Tuesday, February 21, 2006

the prince

Regarding how a prince should rule and act, Machiavelli states that in an ideal world, it is virtuous for a prince to be good. But in reality, princes who distance themselves from ethical concerns and do whatever it takes for the benefit of their states rule best. Therefore, it is better to be parsimonious than generous, cruel than loving, crafty than honest. Machiavelli's general rule is to be as good as circumstances allow, but be willing to resort to any means necessary for the good of the state. A feudal prince must be wise in controlling the nobles and keeping the people content. Even fortresses are useless if the prince does not have the support of his people

Friday, February 17, 2006

index at XUnitPatterns.com

index at XUnitPatterns.com: "A site to catalog the good practices in xUnit test automation encountered over the years. It came about as a result of discussions between (Gerard Meszaros) and Shaun Smith about the testing techniques they found themselves using over and over again to solve particular xUnit test automation problems. "

Sunday, February 05, 2006

'If'by Rudyard Kipling

'If'by Rudyard Kipling, famous inspirational poems and quotes: "'if' by rudyard kipling
If you can keep your head when all about you
Are losing theirs and blaming it on you,
If you can trust yourself when all men doubt you,
But make allowance for their doubting too;
If you can wait and not be tired by waiting,
Or being lied about, don't deal in lies,
Or being hated, don't give way to hating,
And yet don't look too good, nor talk too wise:
If you can dream - and not make dreams your master,
If you can think - and not make thoughts your aim;
If you can meet with Triumph and Disaster
And treat those two impostors just the same;
If you can bear to hear the truth you've spoken
Twisted by knaves to make a trap for fools,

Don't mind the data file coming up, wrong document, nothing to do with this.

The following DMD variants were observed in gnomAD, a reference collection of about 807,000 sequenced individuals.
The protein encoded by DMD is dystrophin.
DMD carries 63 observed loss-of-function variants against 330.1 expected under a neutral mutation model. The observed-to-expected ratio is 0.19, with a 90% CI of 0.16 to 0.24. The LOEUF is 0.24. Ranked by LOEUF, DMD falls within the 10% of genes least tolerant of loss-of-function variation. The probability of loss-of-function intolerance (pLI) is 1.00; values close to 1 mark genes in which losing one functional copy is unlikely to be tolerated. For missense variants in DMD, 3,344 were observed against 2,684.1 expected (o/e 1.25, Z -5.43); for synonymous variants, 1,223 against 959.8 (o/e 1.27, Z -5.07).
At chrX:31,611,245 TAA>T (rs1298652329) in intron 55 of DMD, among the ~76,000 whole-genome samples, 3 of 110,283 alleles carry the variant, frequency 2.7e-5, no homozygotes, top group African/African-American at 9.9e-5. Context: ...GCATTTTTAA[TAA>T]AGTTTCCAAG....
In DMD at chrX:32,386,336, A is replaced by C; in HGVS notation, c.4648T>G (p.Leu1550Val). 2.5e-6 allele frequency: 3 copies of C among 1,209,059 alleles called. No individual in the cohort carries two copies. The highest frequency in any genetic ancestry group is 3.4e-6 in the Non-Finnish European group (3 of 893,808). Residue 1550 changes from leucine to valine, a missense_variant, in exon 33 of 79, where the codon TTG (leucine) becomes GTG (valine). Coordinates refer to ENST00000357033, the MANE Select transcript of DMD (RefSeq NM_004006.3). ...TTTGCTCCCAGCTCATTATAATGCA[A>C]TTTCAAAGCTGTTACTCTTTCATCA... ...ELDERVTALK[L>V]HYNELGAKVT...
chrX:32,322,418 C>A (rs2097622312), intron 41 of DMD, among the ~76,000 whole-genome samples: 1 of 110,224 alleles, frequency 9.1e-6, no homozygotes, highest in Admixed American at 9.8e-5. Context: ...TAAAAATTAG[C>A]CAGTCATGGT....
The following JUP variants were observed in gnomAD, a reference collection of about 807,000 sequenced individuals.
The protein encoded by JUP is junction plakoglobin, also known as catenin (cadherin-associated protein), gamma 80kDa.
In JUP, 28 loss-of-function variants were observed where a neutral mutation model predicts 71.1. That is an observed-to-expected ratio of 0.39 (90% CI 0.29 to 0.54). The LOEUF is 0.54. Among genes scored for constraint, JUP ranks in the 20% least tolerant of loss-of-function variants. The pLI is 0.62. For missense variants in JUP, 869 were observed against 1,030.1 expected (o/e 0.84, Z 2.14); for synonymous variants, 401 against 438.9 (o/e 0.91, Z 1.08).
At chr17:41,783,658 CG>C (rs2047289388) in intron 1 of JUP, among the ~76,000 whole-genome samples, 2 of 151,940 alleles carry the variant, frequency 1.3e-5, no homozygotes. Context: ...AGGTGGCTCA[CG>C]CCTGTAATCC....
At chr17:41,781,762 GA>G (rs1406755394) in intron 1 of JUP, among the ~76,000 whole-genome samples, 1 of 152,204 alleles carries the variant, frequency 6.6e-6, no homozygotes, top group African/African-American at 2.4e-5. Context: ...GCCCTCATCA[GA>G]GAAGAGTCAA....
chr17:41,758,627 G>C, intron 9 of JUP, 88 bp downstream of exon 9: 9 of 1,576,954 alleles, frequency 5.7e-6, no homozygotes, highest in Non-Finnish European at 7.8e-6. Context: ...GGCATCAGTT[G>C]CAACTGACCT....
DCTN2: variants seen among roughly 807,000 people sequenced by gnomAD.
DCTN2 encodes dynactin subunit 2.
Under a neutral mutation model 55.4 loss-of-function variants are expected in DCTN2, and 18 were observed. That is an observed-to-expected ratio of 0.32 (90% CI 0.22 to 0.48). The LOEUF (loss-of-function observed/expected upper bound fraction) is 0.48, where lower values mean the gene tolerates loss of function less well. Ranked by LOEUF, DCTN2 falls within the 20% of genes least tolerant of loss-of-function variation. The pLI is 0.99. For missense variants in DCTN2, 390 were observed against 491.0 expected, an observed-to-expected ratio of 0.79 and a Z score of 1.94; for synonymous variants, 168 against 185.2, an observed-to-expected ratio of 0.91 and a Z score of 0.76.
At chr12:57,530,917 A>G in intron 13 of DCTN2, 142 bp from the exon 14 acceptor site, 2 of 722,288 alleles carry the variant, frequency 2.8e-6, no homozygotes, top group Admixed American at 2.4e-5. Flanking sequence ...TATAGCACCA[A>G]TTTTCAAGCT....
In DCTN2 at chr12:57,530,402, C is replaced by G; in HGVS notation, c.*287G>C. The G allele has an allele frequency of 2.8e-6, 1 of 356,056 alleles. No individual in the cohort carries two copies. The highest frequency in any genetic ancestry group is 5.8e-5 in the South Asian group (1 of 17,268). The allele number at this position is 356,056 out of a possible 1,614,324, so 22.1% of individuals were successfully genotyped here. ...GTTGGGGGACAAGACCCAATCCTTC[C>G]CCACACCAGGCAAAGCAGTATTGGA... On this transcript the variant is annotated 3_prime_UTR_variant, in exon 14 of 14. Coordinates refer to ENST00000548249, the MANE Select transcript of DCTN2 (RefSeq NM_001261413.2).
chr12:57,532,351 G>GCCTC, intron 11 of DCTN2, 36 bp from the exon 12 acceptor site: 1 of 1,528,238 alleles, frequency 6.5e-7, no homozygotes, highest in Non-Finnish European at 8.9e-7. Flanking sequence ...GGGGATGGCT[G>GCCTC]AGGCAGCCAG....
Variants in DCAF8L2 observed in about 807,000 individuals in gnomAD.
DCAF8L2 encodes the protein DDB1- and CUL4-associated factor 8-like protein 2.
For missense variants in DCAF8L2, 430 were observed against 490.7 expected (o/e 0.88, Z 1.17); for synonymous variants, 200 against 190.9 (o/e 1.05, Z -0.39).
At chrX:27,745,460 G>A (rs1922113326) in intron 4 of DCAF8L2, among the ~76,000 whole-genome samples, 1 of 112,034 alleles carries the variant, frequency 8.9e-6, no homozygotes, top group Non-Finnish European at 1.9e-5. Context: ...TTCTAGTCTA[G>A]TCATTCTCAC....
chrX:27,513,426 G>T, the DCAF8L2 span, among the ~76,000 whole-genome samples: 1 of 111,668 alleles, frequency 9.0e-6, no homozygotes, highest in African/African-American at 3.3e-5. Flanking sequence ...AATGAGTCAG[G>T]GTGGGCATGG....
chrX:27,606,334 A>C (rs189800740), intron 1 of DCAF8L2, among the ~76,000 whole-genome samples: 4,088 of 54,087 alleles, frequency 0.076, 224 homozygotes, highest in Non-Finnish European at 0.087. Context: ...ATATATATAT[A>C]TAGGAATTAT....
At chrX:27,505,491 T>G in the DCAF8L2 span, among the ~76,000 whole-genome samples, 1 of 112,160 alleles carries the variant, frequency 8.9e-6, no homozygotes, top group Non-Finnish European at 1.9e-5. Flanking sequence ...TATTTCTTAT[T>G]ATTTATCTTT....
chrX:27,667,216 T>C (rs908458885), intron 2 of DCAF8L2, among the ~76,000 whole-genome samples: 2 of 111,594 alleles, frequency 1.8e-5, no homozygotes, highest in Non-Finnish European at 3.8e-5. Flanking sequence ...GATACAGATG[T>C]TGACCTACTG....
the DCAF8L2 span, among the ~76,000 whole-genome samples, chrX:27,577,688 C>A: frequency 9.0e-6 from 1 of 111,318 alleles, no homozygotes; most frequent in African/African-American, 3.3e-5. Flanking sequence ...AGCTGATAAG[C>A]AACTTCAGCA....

Or watch the things you gave your life to, broken,
And stoop and build 'em up with worn-out tools:
If you can make one heap of all your winnings
And risk it all on one turn of pitch-and-toss,
And lose, and start again at your beginnings
And never breath a word about your loss;
If you can force your heart and nerve and sinew
To serve your turn long after they are gone,
And so hold on when there is nothing in you
Except the Will which says to them: 'Hold on!'
If you can talk with crowds and keep your virtue,
Or walk with kings - nor lose the common touch,
If neither foes nor loving friends can hurt you,
If all men count with you, but none too much;
If you can fill the unforgiving minute
With sixty seconds' worth of distance run,
Yours is the Earth and everything that's in it,
And - which is more - you'll be a Man, my son!"

She walks in Beauty. George Gordon Byron, Lord Byron. The Oxford Book of English Verse

600. She walks in Beauty. George Gordon Byron, Lord Byron. The Oxford Book of English Verse: "George Gordon Byron, Lord Byron. 1788�1824

She walks in Beauty

SHE walks in beauty, like the night
Of cloudless climes and starry skies;
And all that 's best of dark and bright
Meet in her aspect and her eyes:
Thus mellow'd to that tender light 5
Which heaven to gaudy day denies.
One shade the more, one ray the less,
Had half impair'd the nameless grace
Which waves in every raven tress,
Or softly lightens o'er her face; 10
Where thoughts serenely sweet express
How pure, how dear their dwelling-place.

And on that cheek, and o'er that brow,
So soft, so calm, yet eloquent,
The smiles that win, the tints that glow, 15
But tell of days in goodness spent,
A mind at peace with all below,
A heart whose love is innocent!
"

O Captain! My Captain! Whitman, Walt. 1900. Leaves of Grass

193. O Captain! My Captain! Whitman, Walt. 1900. Leaves of Grass: "Walt Whitman (1819�1892). Leaves of Grass. 1900.

O Captain! My Captain!



1

O CAPTAIN! my Captain! our fearful trip is done;
The ship has weather�d every rack, the prize we sought is won;
The port is near, the bells I hear, the people all exulting,
While follow eyes the steady keel, the vessel grim and daring:
But O heart! heart! heart! 5
O the bleeding drops of red,
Where on the deck my Captain lies,
Fallen cold and dead.

2

O Captain! my Captain! rise up and hear the bells;
Rise up�for you the flag is flung�for you the bugle trills; 10
For you bouquets and ribbon�d wreaths�for you the shores a-crowding;
For you they call, the swaying mass, their eager faces turning;
Here Captain! dear father!
This arm beneath your head;
It is some dream that on the deck, 15
You�ve fallen cold and dead.

3

My Captain does not answer, his lips are pale and still;
My father does not feel my arm, he has no pulse nor will;
The ship is anchor�d safe and sound, its voyage closed and done;
From fearful trip, the victor ship, comes in with object won; 20
Exult, O shores, and ring, O bells!
But I, with mournful tread,
Walk the deck my Captain lies,
Fallen cold and dead."